Despite the broader vision at Mushuc Runa, Cardetti, who cites the former PSG coach Luis Fernández as a managerial influence, realises the normal shelf life of a football manager determines his own modus operandi. He is judged on results, performance and league positions and is not under pressure to play indigenous players despite the broader philosophy. 

Mushuc Runa currently have two who identify as such in their squad, the experienced midfielder Serafín Pandi and the reserve goalkeeper César Sisa. “Pandi has been with Mushuc Runa since the foundation of the club,” Cardetti said. “We want to bring in more players. This is the larger picture and expectation that the president has. In each age group now there are always two or three indigenous guys playing but there are challenges. For example, in Argentina the kids will just be playing football. In contrast, the culture here for many indigenous people is that kids will be going out and working from the age of five.” 

In 2015 Chile hosted the inaugural Copa Americana de Pueblos Indígenas, an eight-team tournament organised by Conmebol. In the group stages Ecuador played out a 2-2 draw with the eventual finalists Colombia. During it, an agile winger with an upright posture from the opposition caught the eye. The raw 18-year-old was part of the Wayúu indigenous population, based largely in the north of Colombia, and scored four goals in five matches. 

After the tournament, Carlos Valderrama, who coached Colombia’s indigenous team, telephoned his former club Junior de Barranquilla and pleaded with them to sign the teenager. Four years later the player, Luis Díaz, was playing for the full Colombia national team at the 2019 Copa América after being selected by Carlos Queiroz. He joined the Portuguese side Porto not long after the tournament. 

Díaz was playing amateur league football in his home town of Barrancas in his late teens and might have been missed but for the indigenous Copa América. His rapid rise indicates the pool of talent which sometimes exists outside of formal club football structure, away from youth-team scouting.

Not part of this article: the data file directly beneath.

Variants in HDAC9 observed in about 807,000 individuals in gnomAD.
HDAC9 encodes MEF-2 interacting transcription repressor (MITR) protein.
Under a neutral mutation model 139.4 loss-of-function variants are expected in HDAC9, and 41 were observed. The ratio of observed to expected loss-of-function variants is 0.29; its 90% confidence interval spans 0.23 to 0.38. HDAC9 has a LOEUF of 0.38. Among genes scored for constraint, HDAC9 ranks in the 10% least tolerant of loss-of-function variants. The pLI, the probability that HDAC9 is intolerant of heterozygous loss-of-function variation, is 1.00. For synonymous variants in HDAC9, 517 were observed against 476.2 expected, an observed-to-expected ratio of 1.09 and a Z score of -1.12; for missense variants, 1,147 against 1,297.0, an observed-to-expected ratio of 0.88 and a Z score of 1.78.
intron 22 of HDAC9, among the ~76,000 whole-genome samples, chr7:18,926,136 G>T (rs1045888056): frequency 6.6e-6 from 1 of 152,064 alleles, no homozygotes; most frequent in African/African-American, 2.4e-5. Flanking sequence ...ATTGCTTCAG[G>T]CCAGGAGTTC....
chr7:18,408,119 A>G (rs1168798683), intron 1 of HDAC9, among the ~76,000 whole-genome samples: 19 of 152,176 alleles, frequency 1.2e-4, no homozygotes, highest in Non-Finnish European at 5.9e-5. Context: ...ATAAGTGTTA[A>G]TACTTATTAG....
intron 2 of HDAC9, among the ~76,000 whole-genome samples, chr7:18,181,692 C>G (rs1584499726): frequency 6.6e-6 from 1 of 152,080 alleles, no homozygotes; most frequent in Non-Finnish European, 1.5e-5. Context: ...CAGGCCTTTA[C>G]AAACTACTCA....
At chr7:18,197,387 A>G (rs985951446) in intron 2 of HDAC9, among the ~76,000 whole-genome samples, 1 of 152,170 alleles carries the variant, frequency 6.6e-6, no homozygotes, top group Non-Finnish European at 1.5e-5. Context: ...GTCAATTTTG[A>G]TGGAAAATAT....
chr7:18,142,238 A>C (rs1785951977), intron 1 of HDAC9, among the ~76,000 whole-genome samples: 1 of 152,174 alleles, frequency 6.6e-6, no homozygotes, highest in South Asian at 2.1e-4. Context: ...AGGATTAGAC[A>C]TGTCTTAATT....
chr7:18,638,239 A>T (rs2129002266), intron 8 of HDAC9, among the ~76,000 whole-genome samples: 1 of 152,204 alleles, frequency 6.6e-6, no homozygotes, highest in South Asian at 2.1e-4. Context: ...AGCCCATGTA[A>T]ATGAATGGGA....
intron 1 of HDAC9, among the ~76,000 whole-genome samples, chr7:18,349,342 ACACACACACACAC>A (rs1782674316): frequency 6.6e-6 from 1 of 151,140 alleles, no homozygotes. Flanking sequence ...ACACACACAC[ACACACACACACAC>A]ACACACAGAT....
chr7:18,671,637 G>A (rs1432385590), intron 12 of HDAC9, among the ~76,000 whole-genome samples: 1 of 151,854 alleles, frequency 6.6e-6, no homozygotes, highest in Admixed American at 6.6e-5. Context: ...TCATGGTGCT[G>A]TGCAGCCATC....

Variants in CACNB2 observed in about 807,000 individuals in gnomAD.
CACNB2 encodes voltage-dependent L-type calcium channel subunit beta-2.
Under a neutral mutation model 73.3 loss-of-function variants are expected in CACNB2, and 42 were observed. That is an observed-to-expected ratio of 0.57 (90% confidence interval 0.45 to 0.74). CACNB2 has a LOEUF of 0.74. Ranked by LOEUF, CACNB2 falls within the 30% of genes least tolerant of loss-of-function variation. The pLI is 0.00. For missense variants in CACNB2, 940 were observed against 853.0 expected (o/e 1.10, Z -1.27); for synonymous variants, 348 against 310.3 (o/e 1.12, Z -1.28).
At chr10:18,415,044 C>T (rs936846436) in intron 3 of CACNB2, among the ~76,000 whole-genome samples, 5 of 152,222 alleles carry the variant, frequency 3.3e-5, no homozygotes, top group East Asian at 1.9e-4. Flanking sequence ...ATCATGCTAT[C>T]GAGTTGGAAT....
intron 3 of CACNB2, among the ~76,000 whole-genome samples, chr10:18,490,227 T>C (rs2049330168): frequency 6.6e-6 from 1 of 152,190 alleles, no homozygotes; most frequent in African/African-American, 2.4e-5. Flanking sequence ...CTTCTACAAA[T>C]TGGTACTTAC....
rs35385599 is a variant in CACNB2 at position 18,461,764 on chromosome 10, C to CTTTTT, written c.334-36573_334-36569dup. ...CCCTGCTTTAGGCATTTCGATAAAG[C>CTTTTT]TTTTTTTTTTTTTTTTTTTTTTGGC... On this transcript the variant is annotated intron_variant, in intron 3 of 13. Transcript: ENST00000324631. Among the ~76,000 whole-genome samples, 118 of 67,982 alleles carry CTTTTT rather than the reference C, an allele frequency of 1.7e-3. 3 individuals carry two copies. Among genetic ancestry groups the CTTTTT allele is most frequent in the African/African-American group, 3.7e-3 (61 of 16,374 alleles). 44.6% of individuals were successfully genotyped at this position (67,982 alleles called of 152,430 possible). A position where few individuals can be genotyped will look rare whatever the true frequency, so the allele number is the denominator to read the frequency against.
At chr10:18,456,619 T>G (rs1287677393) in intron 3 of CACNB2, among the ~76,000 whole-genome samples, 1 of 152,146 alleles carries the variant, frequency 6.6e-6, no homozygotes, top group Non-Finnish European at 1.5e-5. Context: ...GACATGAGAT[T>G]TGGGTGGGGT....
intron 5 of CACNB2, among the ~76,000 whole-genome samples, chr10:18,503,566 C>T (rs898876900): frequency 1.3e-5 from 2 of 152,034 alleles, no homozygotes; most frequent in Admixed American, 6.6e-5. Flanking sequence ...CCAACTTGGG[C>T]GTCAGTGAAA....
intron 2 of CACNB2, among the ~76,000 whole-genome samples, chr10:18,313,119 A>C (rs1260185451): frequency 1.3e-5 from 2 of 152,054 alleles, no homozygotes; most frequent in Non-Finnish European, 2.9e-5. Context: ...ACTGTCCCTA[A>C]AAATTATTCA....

Football was never taken seriously by indigenous communities but that is something Mushuc Runa are starting to change. 

After first-team training had finished César Sisa made his way to a different pitch to oversee a youth-team match. The Complejo Mushuc Runa, in Santa Lucia on the outskirts of Ambato, is a hive of activity on a Saturday morning as a range of the club’s youth and women’s teams turn up for training and matches. 

As well as the ubiquitous advertising for Chango’s cooperative, the training ground has nods to indigenous culture. Ambato is famous for its annual fiesta de las frutas y flores [festival of fruits and flowers] and on winning promotion to Ecuador’s Serie A in 2013 the players drank champagne while wearing crowns made of flowers. Throughout the site are baskets of colourful plants. Some are placed inside pots, but others hang out of old car tyres which have been painted. There is also a fruit orchard inside the training ground. On the same site Chango is constructing an indigenous cultural centre and the first part, a farm with alpacas, goats, rabbits and pigs, is in place. Even the guard in the security booth at the main entrance wears a red poncho. It all adds to a sense of familiarity and cultural identity. Sisa believes the raw football talent has always existed in indigenous communities but the lack of a professional outlet meant it was rarely harnessed. 

“The problem that we had before is that there wasn’t football, or let us say more accurately professional football, for our indigenous people,” he said. “The barriers before were that we just didn’t know, or that sometimes mothers and fathers in the indigenous pueblo don’t have the mentality to put our children in soccer schools which occurs with other kids, let’s say. So, thank God for the lawyer [Chango] who began to dream big and thanks to him we are here to represent the indigenous people and community so that we can continue striving forward.” 

Before taking his place in the dugout for an Under-16 match against visiting Guayaquil City, Sisa said he hopes the days of indigenous players being downtrodden, and bottom of the pile, are coming to an end. “Football is made for everyone and now players are being judged equally,” the 25-year-old keeper said. “The only thing one needs to do is demonstrate everything on the field, nothing more, nothing less. For me, football is life. I thank God that I have the support of my parents, my siblings, all of my family and also the community.” 

Chango has made no secret of his desire to one day have an indigenous manager in charge of Mushuc Runa, and the intelligent and engaging Sisa could fit the bill in the future. Another club coach, Héctor Chacha, became the first indigenous man to take charge of a top-flight game after a short spell as caretaker manager before Cardetti was appointed in May. 

This season the club participated in the 2019 Copa Sudamericana, the continent’s second-string competition behind the Copa Libertadores, for the first time in their history. They lost their only match on penalties to Unión Española of Chile after both legs finished 1-1.